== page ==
What a week it's been already - I still don't think I've really recovered from Saturday's Dark Knight odyssey (check back-posts of my blog for the whole story), and things at work have been pretty crazy to boot. But no rest for the weary - tomorrow morning I'm bound for San Diego, where it will be four straight days of freaks, geeks, and general insanity, as I make my second annual trek to Comic-Con.

Oh, I also saw Tori Spelling at work today.

Oddly, that sentance seemed to fit in with this post's overall theme more than I thought it would ... But yeah, in all of my recent rush to post about E3 and all things Dark Knight, I've barely gotten a chance to get the hype train rolling for Comic-Con. If it's anything like last year's adventure, it's going to be crazy. Although, already I think the crew and I have planned a bit better this time around. We've mapped out a game plan, got our passes way in advance, reserved lodgings very close to the convention center, and secured invites to more than one swanky Comic-Con shindig.

As far as panels go, there's so much going on at any given moment that you'd have to have about 10 body doubles to see it all. Personally, my #1 must-see panel going in is the Warner Brothers WATCHMEN event, scheduled to take place Friday afternoon. That first trailer has me extremely pumped for more Watchmen, and if any single panel has the potential to rival the awesomeness of last year's Marvel movie panel (where the now-famous Iron Man trailer was first unveiled), this is it. I also can't wait to check out the TWENTY FOUR (24) panel. Apparently, Kiefer, TONY ALMEDA, and the rest of the cast and crew will be on hand to talk up the upcoming seventh season and its prequel TV movie. I can't wait to get an early glimpse of Jack Bauer kicking-ass-with-gravitas one mo' time. Immediately following that one there's also a PRISON BREAK panel, at which I predict William Fichtner may get a lot of love for his awesomeness in Dark Knight.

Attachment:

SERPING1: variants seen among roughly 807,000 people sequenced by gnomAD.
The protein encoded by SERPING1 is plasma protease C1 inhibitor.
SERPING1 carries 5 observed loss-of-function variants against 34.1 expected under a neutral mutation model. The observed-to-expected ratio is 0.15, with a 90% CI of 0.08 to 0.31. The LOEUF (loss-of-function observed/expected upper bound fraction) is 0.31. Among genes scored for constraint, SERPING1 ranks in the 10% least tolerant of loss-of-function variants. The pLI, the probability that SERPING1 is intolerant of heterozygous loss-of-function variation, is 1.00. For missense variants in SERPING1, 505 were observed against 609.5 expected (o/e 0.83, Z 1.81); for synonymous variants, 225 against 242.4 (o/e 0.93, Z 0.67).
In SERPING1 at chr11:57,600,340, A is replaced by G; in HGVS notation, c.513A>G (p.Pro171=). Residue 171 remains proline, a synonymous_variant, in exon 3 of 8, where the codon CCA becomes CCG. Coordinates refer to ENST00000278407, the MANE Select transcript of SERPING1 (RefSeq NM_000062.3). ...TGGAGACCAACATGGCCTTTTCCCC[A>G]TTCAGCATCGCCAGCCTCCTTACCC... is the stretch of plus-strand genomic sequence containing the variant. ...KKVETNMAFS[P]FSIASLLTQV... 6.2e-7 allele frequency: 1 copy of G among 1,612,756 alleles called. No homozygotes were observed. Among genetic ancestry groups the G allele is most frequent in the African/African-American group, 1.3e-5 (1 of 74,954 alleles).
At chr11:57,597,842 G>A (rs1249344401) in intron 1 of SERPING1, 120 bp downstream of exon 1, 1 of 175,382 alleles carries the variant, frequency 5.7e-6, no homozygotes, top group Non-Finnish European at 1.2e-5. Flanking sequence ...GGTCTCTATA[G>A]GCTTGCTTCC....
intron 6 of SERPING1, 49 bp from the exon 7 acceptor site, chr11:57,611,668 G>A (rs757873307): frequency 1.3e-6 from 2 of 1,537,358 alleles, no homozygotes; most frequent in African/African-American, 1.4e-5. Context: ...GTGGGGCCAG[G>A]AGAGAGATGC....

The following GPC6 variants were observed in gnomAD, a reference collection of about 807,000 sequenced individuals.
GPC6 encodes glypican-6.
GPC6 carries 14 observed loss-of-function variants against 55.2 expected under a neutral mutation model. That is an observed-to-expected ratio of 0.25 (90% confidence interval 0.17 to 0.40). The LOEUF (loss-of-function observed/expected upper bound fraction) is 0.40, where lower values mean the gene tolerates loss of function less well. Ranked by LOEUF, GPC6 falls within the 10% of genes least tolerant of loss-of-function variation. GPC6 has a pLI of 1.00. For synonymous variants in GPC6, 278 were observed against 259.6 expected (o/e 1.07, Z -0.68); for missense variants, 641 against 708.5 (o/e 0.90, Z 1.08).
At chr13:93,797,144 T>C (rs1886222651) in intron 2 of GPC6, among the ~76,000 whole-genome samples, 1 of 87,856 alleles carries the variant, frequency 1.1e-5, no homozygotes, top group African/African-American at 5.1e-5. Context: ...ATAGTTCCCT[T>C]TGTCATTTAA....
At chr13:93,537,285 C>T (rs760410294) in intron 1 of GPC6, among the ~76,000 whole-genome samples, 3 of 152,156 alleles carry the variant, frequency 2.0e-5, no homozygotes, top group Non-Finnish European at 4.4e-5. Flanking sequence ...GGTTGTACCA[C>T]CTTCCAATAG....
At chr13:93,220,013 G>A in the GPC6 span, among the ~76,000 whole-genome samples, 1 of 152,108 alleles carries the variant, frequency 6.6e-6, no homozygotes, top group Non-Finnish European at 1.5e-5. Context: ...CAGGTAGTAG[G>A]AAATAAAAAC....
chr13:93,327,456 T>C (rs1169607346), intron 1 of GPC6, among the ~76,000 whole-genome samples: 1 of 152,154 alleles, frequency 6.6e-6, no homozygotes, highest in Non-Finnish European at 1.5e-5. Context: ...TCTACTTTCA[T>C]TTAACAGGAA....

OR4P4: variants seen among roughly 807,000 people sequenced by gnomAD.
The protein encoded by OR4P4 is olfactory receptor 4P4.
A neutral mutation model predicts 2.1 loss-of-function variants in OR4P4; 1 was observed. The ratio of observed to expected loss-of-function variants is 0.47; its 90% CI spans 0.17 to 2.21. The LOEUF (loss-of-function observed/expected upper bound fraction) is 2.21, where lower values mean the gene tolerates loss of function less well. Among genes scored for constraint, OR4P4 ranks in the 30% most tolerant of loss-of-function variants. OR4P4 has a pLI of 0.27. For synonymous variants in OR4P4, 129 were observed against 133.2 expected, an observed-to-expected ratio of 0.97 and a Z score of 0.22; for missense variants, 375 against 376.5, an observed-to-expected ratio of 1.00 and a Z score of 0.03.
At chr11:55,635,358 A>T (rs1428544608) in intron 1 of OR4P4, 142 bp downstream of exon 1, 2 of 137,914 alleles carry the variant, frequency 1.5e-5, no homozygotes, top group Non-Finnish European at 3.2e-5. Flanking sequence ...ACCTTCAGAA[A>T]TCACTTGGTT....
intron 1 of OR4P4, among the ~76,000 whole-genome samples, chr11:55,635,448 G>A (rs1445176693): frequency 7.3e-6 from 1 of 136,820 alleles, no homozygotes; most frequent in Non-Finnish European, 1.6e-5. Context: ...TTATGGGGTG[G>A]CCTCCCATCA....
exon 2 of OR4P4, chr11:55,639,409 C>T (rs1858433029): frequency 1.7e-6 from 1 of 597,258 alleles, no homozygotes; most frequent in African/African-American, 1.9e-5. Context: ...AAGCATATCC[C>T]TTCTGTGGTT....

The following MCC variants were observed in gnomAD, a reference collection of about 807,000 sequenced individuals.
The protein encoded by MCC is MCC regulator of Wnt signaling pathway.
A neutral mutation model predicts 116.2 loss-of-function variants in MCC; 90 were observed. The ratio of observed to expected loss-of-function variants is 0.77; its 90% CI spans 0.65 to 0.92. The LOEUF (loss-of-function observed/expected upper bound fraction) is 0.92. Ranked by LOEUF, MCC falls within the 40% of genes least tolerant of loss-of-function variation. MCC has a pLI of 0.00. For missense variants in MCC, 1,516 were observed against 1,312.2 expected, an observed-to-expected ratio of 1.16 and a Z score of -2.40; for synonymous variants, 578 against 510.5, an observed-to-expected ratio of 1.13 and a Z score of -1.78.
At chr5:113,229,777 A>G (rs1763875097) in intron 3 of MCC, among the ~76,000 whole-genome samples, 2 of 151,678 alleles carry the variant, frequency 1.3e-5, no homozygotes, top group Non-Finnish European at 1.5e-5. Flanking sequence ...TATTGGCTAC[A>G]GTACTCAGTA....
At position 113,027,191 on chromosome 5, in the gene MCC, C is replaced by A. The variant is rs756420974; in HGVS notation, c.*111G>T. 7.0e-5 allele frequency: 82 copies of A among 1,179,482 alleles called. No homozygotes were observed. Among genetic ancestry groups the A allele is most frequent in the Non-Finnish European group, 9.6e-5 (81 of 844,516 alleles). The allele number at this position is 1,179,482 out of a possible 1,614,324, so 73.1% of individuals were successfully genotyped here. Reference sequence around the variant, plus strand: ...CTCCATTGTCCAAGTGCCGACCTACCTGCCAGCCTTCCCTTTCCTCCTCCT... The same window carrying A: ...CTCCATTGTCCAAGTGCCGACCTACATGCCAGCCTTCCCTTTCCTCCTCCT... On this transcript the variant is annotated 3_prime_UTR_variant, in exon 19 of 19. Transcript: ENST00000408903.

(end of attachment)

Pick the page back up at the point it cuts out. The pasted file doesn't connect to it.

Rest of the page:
As a quick plug, NBC Universal is going to really have a great presence at the show. There's going to be a bigtime HEROES panel, featuring an early look at Season 3. Also, fans in attendance will have the chance to enter to win a special-edition Zune portable music/video player, which is specially-engraved with the Heroes logo. Pretty sweet, eh? There's going to be a CHUCK panel, which I'm sure will be lots of fun, and then an OFFICE panel, which will see Rainn Wilson moderating a group of the show's writers / cast members. Most definitely will bring the funny. We're also doing panels for new shows like KINGS, KNIGHT RIDER, and SciFi's SANCTUARY (SciFi will also host panels for Battlestar and Eureka) - so check 'em out.

But hey, this is Comic-Con, and the heart and soul of the show will always be the comics, no matter how much Hollywood likes to use the show to establish its geek cred. Can't wait to get my fix of DC panel-age, and get the latest scoops on what's cooking with Superman, Batman, Final Crisis, etc, and get the first word on upcoming and as-of-yet unannounced projects. And nothing beats roaming the show floor and seeing all the great artists sketching and chatting up the fans. That's what's great about Comic-Con - sure, it's cool that Hollywood celebs are in the house, but this is a house that was built by Stan Lee, Jim Lee, Frank Miller, Geoff Johns, and all the other comic book greats past and present.